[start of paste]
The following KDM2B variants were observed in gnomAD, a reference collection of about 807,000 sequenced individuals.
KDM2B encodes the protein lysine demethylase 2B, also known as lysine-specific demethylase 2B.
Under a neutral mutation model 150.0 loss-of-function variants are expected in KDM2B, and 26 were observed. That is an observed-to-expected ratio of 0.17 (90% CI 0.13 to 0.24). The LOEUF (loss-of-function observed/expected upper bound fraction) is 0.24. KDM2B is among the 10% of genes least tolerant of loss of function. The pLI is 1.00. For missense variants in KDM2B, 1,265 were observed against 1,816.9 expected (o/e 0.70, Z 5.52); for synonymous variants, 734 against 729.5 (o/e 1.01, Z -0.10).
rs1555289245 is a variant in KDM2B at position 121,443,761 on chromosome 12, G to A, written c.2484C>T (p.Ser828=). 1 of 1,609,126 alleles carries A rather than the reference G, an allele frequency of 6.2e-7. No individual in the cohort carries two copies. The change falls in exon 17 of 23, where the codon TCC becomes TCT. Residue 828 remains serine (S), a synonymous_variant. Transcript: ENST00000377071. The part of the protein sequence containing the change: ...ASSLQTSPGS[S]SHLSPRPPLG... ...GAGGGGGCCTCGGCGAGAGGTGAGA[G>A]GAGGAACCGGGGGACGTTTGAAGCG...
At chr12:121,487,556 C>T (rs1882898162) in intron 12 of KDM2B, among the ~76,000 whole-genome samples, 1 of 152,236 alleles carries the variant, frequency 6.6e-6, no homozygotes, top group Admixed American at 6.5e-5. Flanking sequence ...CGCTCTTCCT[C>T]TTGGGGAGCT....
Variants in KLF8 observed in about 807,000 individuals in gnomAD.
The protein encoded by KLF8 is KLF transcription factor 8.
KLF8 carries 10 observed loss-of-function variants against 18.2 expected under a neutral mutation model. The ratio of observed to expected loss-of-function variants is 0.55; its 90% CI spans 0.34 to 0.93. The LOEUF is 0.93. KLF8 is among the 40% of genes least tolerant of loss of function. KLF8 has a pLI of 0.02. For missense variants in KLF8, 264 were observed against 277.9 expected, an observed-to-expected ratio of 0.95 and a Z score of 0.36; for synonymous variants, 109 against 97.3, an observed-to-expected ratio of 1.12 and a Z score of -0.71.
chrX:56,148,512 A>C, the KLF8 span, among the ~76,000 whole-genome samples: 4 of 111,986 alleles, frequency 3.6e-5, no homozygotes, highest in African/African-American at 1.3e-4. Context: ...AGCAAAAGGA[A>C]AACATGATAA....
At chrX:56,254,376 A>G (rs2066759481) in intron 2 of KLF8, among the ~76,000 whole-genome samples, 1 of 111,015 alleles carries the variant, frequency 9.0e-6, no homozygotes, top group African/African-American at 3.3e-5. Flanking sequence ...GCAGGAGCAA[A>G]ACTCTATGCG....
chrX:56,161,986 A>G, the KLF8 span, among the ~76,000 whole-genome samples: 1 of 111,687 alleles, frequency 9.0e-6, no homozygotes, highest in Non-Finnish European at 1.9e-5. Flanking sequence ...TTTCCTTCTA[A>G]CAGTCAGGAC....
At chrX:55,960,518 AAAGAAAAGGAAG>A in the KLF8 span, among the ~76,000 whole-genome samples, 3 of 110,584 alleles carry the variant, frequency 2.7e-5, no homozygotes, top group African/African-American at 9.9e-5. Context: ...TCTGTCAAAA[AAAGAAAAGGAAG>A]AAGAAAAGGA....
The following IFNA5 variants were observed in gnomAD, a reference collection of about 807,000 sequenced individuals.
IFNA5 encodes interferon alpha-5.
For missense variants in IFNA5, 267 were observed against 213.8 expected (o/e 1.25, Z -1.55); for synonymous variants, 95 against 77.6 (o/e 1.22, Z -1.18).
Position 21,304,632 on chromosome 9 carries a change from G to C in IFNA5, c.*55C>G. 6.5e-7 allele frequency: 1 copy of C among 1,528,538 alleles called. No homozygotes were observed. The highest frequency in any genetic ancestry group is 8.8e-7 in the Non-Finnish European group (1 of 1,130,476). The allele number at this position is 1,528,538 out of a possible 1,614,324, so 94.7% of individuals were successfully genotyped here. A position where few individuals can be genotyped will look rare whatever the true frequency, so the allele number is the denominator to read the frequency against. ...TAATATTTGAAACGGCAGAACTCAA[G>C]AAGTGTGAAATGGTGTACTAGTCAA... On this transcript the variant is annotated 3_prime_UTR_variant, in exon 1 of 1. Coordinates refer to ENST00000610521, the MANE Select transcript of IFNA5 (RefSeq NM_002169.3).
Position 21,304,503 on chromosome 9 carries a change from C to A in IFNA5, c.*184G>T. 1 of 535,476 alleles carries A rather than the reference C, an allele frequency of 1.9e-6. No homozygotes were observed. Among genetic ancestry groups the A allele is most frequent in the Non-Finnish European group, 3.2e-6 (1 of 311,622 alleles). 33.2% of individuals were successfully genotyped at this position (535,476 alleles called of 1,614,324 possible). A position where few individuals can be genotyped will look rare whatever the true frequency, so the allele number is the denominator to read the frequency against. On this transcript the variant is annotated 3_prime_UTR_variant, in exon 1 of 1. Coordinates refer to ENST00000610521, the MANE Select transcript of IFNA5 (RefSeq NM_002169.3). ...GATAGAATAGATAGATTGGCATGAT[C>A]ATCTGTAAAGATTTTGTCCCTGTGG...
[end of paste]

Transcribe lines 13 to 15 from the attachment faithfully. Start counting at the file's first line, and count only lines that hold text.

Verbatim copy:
The following IFNA5 variants were observed in gnomAD, a reference collection of about 807,000 sequenced individuals.
IFNA5 encodes interferon alpha-5.
For missense variants in IFNA5, 267 were observed against 213.8 expected (o/e 1.25, Z -1.55); for synonymous variants, 95 against 77.6 (o/e 1.22, Z -1.18).